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Second Parent Adoption Lawyer Chicago

What Is a Second Parent Adoption?

Categorized as Adoption

Second Parent Adoptions are typically done when a spouse has a child from a previous relationship and the circumstances allow that child to be adopted by the other spouse.  As an example:  Wife and Husband get married and Wife has a child from a previous relationship.  Wife wants Husband to adopt this child which can happen if the child’s biological father consents to the adoption.  However, there are situations where the biological father’s consent is not possible and that is when the biological father has passed away or is unknown.

Once the adoption is completed both parents will stand equal as far as parental rights, responsibilities and obligations related to the child. The adoption grants the second parent the same rights as the biological parent.  

Second Parent Adoption in Illinois

A Second Parent Adoption – when one of the parents is biologically related to the child – requires a court proceeding with the proper paperwork prepared and filed with the Court.  In Illinois, the requirements are not as stringent as an adoption proceeding when neither parent is biologically related to the child.  The process is still a formal court proceeding that requires a home study, background check and the consent of the biological parent who is consenting to the adoption.  The consent is very important because the consent will terminate that parent’s legal rights to this child in this process.  

Home Study Requirement

In Illinois, a home study is mandatory even though it is a second parent adoption.  A Home study is an investigation done by an agency that provides the Court with a report and their opinion of the adoption as it relates to the best interest of the child.   The Court must be sure that the child’s needs will be met if this adoption proceeds.  The Agency may want to see birth certificates, marriage licenses, divorce documents, criminal background checks, and verify that there has been no allegations or findings of child abuse.  

The parties to the adoption, which are the biological parent and the parent adopting the child as well as the child will appear in court and the Judge will hear the facts surrounding the adoption. The court will confirm the parent’s desire and is likely to ask the child some light questions regarding the relationship the child has with the parent who is adopting the child.  Once a judge is satisfied that the criteria have been met and the proper paperwork filed, an Order for the adoption will be signed and a new birth certificate will be issued which will change the name of the father of the child and the child’s last name.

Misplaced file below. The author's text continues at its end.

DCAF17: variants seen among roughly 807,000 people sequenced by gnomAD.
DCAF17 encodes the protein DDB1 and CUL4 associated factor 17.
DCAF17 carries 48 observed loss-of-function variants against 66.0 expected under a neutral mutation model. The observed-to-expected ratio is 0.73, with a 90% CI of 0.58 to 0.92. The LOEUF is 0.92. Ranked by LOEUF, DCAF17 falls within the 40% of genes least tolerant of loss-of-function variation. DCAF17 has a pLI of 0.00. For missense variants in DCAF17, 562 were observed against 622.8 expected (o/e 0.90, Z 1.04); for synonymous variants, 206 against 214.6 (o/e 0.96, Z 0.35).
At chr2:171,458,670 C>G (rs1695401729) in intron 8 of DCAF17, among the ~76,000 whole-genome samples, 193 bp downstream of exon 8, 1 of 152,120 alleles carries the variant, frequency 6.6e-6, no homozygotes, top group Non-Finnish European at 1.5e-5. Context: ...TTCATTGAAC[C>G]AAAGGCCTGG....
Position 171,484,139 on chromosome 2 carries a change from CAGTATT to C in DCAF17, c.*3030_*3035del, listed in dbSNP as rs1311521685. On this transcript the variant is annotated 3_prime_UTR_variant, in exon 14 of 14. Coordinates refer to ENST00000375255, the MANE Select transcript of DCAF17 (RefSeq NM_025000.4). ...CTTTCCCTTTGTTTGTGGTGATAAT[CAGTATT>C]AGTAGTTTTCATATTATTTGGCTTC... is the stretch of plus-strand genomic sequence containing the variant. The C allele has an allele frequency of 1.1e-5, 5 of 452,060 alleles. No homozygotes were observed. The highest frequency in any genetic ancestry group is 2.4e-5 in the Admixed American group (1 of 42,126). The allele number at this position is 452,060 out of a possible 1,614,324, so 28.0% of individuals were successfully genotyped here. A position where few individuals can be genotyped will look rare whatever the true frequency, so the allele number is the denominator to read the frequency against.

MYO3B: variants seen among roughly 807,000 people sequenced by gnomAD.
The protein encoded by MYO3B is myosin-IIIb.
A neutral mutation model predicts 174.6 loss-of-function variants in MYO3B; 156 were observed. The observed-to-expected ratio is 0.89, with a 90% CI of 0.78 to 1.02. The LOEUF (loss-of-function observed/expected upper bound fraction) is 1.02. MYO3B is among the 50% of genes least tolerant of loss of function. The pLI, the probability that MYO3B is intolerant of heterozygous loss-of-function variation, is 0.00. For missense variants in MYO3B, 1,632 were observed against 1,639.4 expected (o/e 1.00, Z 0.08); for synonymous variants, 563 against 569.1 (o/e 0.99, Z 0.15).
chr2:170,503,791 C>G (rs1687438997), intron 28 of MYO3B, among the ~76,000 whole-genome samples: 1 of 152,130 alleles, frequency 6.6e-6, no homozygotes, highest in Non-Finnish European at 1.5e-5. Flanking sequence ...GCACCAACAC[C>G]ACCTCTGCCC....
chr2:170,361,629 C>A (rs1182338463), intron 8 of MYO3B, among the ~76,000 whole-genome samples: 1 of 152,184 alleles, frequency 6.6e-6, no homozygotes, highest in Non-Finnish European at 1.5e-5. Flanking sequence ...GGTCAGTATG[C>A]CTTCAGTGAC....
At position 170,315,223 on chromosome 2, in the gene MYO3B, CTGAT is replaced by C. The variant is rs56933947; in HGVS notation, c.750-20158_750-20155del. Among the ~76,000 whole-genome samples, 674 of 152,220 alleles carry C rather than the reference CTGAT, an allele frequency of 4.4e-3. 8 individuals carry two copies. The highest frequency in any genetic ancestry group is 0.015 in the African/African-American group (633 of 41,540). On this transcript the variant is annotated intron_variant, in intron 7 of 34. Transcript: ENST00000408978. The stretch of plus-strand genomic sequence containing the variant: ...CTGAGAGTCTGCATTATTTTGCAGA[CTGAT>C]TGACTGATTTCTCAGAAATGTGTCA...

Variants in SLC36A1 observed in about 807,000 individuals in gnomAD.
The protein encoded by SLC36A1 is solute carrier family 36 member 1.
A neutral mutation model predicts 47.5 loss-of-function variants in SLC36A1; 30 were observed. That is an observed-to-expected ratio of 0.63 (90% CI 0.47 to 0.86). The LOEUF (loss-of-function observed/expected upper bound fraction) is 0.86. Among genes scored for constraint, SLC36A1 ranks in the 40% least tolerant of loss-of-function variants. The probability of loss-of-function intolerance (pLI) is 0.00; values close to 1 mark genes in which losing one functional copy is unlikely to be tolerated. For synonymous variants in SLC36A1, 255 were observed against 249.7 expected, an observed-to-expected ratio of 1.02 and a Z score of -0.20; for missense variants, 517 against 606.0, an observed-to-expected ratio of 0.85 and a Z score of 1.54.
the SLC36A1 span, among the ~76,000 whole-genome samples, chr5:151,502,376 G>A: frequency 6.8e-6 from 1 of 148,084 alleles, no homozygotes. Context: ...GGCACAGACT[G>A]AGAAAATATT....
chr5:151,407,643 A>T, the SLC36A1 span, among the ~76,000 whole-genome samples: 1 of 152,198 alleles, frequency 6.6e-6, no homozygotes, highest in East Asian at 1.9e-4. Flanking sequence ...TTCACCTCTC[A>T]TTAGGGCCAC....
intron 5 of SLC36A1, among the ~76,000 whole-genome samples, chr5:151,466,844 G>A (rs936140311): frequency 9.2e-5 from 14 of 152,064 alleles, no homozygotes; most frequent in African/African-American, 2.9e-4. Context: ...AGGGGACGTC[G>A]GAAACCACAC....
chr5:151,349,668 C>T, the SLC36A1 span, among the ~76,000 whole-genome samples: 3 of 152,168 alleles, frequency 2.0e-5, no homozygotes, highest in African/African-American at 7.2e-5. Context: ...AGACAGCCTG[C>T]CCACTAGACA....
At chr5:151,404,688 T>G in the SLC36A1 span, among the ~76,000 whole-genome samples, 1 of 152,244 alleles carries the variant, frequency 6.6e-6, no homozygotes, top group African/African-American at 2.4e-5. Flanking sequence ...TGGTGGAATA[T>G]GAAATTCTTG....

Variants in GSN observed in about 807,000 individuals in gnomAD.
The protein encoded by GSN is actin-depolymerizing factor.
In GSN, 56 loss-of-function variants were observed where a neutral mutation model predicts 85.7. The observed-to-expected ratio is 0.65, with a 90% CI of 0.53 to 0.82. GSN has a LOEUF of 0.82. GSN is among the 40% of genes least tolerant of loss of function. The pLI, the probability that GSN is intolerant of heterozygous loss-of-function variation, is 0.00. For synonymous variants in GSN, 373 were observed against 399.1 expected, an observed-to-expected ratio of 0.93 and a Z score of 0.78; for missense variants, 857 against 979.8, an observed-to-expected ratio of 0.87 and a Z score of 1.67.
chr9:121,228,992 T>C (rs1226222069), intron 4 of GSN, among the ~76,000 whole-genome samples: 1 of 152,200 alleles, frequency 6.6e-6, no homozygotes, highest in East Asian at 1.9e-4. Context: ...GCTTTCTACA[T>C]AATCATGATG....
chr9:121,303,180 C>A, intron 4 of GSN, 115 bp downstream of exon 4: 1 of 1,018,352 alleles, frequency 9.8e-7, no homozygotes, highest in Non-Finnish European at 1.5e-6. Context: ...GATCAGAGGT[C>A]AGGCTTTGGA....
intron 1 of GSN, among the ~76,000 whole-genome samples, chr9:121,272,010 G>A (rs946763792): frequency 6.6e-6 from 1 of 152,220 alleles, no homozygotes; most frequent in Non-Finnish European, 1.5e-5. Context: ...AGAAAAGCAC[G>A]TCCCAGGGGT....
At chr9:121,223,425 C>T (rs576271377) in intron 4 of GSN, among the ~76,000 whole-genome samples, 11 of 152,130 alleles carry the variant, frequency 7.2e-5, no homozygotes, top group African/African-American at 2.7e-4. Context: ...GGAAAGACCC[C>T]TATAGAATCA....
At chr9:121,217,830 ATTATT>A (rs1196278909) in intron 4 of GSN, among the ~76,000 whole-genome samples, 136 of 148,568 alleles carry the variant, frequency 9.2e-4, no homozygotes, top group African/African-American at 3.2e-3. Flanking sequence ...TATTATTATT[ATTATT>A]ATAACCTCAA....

Terminating Rights of the Consenting Parent

The parent consenting to this adoption and allowing another person to become the child’s parent will have all their rights and obligations to the child terminated.  There will be no inheritance that will flow from the consenting parent, no rights to see the child, and no obligations of support – all of that is terminated.  The court will only allow this termination if there is someone to step in and take on this responsibility in a Second Parent Adoption. The second parent who is adopting will have a legal child and all the obligations, rights and responsibilities that come with that.

Second Parent Adoption For Same-Sex Parents

A second parent adoption can be used when one same-sex partner has a biological child, and the other partner wants to adopt.  For example, if a woman has a child using a sperm donor, her partner can adopt the child through this Second parent adoption process.

Situations Where Second Parent Adoption Arises

In our law practice, I have seen this come up several times and often it is at the end of a long, contested fight over parenting time that includes abuse allegations, restricted or supervised parenting time and a very distressed child.  The parent that has the child has remarried and their new spouse wants to adopt the child which would terminate the relationship that the child has with the biological parent. 

Judges are very careful when this comes up as they want the parent giving up their rights to a child to understand exactly what that means and take every precaution to make sure they are doing this willingly and with full knowledge of all consequences.  Once the parent signs the consent to allow the child’s other parent’s new spouse to adopt the child, the litigation terminates.  I have seen this be a relief in some family situations and other times where it has been sad to see the destruction of parent/child relationships that can happen when parties abuse the court system.

Many times the pressure to consent to an adoption is financial.  There is a large amount of child support that is due and all financial obligations, including child support, medical payments, childcare, etc. that are due and owing are waived when the consent is signed.    

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